Re: Custom DOM events and privileged browser add-ons; Was: Bubbling/Capturing for XHR + other non-DOM objects

2010-06-30 Thread Anne van Kesteren
On Tue, 29 Jun 2010 23:36:28 +0200, Chris Wilson cwi...@microsoft.com  
wrote:
See, this is exactly why we asked the question - because it seems that  
behavior is inconsistent, we're not sure what the expectation is.  The  
fact that the XHR spec says the events do not bubble (but says nothing  
about capture) is confusing.  DOM L3 Events says here's what happens  
for DOM elements, but doesn't say explicitly if NOTHING should happen  
for non-DOM uses, or if something else should depending on context.


If nothing is stated nothing needs to be done. That Firefox does something  
with an object outside the Window object as well is not relevant. DOM  
Events defines the event flow for document trees. HTML5 defines how events  
are dispatched to Window in the event they are dispatched to Document.  
Trying to infer anything else from any of this is a mistake.  
XMLHttpRequest is neither part of the document tree nor is it the Window  
object, so logically its events will not go anywhere. Specifications need  
to be read literally.


We never say explicitly that NOTHING should happen. That is implied.  
Defining all the cases where NOTHING should happen is a race to the  
bottom.



--
Anne van Kesteren
http://annevankesteren.nl/



any plans to move from cvs to git?

2010-06-30 Thread Matt Di Pasquale
github rules!


[widgets] Draft agenda for 1 July 2010 voice conf

2010-06-30 Thread Arthur Barstow

Below is the draft agenda for the July 1 Widgets Voice Conference (VC).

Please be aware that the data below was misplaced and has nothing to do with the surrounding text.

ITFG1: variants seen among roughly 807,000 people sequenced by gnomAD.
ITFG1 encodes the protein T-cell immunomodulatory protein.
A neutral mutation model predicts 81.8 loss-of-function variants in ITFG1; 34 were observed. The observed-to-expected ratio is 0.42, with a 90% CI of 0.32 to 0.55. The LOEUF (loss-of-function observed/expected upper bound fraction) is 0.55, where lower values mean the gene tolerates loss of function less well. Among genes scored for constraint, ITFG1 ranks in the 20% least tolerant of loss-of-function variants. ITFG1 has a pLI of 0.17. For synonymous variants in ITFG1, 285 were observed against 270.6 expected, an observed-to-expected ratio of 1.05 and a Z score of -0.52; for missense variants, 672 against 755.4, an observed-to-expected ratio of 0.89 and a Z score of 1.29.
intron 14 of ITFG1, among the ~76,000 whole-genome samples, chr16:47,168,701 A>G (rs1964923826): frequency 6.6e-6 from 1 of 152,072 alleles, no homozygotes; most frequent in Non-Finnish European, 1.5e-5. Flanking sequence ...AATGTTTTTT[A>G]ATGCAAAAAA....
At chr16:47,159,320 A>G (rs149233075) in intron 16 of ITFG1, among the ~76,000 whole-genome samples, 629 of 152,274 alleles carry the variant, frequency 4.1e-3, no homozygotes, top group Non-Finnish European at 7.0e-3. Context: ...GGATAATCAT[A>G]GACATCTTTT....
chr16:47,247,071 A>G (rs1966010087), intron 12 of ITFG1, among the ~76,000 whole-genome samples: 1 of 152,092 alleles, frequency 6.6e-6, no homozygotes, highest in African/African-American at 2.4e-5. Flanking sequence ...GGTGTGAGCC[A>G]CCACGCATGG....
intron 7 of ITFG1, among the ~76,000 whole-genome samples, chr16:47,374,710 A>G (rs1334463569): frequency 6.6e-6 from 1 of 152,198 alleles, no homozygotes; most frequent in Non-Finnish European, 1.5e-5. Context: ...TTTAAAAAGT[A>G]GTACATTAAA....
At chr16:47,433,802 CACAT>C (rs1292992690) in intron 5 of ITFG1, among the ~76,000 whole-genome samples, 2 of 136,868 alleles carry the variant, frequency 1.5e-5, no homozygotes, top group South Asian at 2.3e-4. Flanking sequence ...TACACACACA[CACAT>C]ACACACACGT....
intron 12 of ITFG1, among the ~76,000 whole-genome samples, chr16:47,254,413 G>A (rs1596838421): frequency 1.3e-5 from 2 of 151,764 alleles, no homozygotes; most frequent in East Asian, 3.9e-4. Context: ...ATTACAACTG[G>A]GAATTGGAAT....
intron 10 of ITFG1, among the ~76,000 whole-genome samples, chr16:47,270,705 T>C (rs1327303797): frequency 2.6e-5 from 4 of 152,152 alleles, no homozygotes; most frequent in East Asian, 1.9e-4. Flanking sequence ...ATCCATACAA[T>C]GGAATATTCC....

Inputs and discussion before the VC on all of the agenda topics 
via public-webapps is encouraged (as it can result in a shortened 
meeting). Please address Open/Raised Issues and Open Actions before the 
meeting:


http://www.w3.org/2008/webapps/track/products/8

Minutes from the last VC:

http://www.w3.org/2010/06/17-wam-minutes.html

-Regards, Art Barstow

Agenda:

1. Review and tweak agenda

2. Announcements

3. Packaging and Configuration spec
http://dev.w3.org/2006/waf/widgets/

a. Issue-117 http://www.w3.org/2008/webapps/track/issues/117 In 
Widget PC Spec, need to clarify in the spec that dir attribute does not 
apply to attributes that are IRIs, Numeric, Keywords, etc. The dir 
attribute only affects human readable strings.


4. Dependencies on draft specs and progressing to PR

Draft dependencies: 
http://lists.w3.org/Archives/Public/www-archive/2010Jun/0073.html
PR process: 
http://lists.w3.org/Archives/Public/www-archive/2010Jun/0075.html


5. Widget Interface spec
http://dev.w3.org/2006/waf/widgets-api/

a. Issue-116 http://www.w3.org/2008/webapps/track/issues/116 Need to 
flesh out the security considerations for the openURL method in the 
Widget Interface spec


6. URI Scheme spec
http://dev.w3.org/cvsweb/2006/waf/widgets-uri/

a. Status and Open Actions:

http://www.w3.org/2008/webapps/track/actions/526 - Widget URI scheme: 
define the widget *URI* syntax in terms of RFC 3986